1030 words - 4 pages school with 4.2 GPA, now in college she is always asking questions in all of her classes instead of sitting back and not understanding the assignment. For example, Alexie’s drive started young, he didn’t want to become a label in his society. “If he’d been anything but, an Indian boy living on a reservation might have been called a prodigy. But he is an Indian boy living on a reservation and

Similar Essays

This Is A Project For My Intro To Pyschology Class On Anorexia Nervosa

1172 words - 5 pages Anorexia NervosaAnorexia nervosa is disorder characterized by a refusal to maintain normal weight, intense preoccupation with and unrealistic fear of weight gain, self-starvation, a distorted body image, and by the cessation of menstruation in women. The name comes from two Latin words meaning "nervous inability to eat". The process of eating becomes an obsession. Unusual eating habits develop, such as avoiding food and meals, carefully weighing

This Was A Research Paper For Intro To The Internet Class

943 words - 4 pages YearsThe TommyknockersThe SleepwalkersSometimes They Come BackThe Dark HalfNeedful ThingsShawshank RedemptionThe StandDolores ClaybornThe ManglerThe LangoliersThinnerIn 1986, Stephen King made his directorial debut with Maximum Overdrive.He has directed many other projects since.Stephen King has also published numerous short stories.I participated in a Stephen King survey on the Internet and printed the results, which I will attach to this paper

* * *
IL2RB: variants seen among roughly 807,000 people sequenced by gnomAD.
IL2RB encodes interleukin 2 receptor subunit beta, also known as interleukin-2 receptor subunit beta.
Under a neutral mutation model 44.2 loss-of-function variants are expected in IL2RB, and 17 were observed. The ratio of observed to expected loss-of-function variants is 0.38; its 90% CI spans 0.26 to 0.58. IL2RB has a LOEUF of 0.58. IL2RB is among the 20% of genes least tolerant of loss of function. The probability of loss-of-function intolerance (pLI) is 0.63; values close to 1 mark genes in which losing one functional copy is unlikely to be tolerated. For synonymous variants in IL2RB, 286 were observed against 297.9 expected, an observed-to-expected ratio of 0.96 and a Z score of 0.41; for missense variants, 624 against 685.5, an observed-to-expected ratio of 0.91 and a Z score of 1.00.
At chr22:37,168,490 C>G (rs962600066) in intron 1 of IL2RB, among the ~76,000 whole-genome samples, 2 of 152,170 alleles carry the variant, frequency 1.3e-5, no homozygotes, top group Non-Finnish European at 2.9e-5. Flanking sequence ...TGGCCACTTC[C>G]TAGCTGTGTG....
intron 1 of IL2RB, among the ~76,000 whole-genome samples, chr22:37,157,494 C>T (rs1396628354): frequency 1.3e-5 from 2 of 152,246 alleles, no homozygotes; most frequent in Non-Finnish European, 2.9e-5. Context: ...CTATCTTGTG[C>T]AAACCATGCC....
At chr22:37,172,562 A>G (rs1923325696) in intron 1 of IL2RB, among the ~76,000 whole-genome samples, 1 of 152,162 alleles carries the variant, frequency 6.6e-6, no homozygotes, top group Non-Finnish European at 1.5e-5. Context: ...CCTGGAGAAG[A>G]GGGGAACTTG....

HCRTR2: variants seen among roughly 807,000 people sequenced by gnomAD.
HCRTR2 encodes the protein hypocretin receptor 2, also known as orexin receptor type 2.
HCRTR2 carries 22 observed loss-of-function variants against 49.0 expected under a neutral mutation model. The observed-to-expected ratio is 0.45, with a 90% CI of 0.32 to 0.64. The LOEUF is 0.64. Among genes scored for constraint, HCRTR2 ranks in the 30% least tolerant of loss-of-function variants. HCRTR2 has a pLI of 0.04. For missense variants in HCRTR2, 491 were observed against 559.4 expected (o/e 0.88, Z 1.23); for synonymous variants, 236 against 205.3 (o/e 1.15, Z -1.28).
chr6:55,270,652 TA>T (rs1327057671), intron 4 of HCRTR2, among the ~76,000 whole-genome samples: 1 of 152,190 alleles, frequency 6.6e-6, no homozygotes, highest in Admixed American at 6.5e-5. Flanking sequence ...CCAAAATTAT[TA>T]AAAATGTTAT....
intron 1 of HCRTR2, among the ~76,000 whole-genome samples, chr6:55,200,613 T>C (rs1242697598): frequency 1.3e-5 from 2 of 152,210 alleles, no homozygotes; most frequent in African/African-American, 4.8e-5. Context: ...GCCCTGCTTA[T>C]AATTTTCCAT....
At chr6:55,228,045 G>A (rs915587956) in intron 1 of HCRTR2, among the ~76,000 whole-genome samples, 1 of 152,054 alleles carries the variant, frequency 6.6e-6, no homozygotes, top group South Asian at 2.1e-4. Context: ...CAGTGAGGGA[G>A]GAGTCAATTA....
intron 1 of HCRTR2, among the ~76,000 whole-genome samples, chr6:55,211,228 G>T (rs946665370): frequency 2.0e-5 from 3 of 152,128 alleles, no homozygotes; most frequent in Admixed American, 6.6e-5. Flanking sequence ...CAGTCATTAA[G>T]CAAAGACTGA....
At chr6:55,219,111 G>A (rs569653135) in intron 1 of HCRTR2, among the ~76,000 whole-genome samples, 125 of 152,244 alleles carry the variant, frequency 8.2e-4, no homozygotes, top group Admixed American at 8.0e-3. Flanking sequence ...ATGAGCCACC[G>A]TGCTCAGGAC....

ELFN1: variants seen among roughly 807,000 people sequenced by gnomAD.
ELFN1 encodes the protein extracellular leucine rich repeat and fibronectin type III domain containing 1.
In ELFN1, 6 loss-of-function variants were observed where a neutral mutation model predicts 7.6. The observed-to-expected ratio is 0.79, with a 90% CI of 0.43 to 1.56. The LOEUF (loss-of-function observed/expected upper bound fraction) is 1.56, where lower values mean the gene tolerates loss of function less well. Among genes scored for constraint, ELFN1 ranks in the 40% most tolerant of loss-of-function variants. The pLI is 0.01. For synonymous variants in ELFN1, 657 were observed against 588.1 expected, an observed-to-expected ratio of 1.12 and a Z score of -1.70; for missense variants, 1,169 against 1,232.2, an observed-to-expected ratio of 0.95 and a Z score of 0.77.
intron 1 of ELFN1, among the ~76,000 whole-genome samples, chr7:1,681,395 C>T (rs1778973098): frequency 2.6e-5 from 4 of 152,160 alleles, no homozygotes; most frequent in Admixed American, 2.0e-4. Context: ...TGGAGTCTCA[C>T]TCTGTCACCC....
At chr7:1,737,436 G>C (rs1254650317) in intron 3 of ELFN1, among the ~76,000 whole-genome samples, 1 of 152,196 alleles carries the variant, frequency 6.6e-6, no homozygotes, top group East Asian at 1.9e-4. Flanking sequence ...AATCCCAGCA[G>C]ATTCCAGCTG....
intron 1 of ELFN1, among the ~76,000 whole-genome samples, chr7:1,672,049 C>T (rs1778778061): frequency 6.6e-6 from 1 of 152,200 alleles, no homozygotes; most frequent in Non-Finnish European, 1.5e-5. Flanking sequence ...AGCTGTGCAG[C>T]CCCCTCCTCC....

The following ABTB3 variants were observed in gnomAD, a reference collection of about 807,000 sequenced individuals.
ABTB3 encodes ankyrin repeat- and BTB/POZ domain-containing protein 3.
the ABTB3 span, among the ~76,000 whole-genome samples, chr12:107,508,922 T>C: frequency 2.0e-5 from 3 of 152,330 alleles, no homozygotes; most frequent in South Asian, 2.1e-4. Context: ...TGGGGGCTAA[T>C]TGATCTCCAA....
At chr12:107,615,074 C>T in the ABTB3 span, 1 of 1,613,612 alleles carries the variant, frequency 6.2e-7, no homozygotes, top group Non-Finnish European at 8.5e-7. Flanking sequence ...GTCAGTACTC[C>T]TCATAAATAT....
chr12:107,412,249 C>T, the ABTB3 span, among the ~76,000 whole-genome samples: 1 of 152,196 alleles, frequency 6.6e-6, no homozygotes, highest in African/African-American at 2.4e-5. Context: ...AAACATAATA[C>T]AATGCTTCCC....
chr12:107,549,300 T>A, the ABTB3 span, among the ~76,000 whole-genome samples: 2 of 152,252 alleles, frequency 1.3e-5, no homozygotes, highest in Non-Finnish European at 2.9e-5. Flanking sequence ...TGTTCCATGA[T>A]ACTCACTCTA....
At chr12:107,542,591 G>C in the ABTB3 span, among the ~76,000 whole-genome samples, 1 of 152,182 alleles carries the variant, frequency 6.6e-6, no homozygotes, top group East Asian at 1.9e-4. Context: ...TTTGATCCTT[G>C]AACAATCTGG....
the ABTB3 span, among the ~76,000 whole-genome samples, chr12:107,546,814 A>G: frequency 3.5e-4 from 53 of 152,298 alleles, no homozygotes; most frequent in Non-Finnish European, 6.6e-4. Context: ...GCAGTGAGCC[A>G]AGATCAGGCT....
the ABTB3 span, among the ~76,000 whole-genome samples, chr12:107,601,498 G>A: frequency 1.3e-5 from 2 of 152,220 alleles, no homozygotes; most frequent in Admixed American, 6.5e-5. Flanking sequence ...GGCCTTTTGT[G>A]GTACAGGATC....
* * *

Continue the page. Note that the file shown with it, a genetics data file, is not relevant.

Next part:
Multicultural Education: Strategies To Teach Multicultural Classrooms

691 words - 3 pages person to challenge the world’s stereotypes. Challenges will inevitably ensue, but the willingness to overcome these challenges will be beneficial for everyone. One way of implementing a diverse curriculum is through good literature. Make sure you have an ample supply of literature that shows many different races and cultures. This will help from making a child feel excluded. If homework is derived from multicultural based books, or if they are

Unique Perspective To Teaching Essay

1136 words - 5 pages prevents the students from thinking for themselves. Other individuals, including the principal, Mr. Nolan, disagree with his unconventional method of teaching and prefer that he follow a traditional method of teaching through an English textbook. The lessons that Mr. Keating presents the students reflect the transcendentalist beliefs of Ralph Waldo Emerson found in “Self-reliance” and influence the students to become more independent thinkers. Mr